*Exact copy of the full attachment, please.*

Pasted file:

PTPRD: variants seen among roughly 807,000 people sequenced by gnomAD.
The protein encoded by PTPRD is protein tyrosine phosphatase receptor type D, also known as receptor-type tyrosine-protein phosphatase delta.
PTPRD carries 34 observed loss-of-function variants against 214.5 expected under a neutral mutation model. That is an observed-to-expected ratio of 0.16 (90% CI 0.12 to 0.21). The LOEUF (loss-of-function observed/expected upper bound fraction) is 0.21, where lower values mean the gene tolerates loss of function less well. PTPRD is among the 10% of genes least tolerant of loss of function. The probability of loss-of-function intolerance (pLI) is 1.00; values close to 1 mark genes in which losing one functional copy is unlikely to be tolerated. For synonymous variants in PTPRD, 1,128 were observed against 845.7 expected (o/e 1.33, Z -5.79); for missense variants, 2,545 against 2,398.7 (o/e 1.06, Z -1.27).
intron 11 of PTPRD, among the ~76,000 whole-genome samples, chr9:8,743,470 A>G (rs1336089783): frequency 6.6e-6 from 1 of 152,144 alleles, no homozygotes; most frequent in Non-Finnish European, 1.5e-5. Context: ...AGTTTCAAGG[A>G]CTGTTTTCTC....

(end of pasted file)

PTPRD: variants seen among roughly 807,000 people sequenced by gnomAD.
The protein encoded by PTPRD is protein tyrosine phosphatase receptor type D, also known as receptor-type tyrosine-protein phosphatase delta.
PTPRD carries 34 observed loss-of-function variants against 214.5 expected under a neutral mutation model. That is an observed-to-expected ratio of 0.16 (90% CI 0.12 to 0.21). The LOEUF (loss-of-function observed/expected upper bound fraction) is 0.21, where lower values mean the gene tolerates loss of function less well. PTPRD is among the 10% of genes least tolerant of loss of function. The probability of loss-of-function intolerance (pLI) is 1.00; values close to 1 mark genes in which losing one functional copy is unlikely to be tolerated. For synonymous variants in PTPRD, 1,128 were observed against 845.7 expected (o/e 1.33, Z -5.79); for missense variants, 2,545 against 2,398.7 (o/e 1.06, Z -1.27).
intron 11 of PTPRD, among the ~76,000 whole-genome samples, chr9:8,743,470 A>G (rs1336089783): frequency 6.6e-6 from 1 of 152,144 alleles, no homozygotes; most frequent in Non-Finnish European, 1.5e-5. Context: ...AGTTTCAAGG[A>G]CTGTTTTCTC....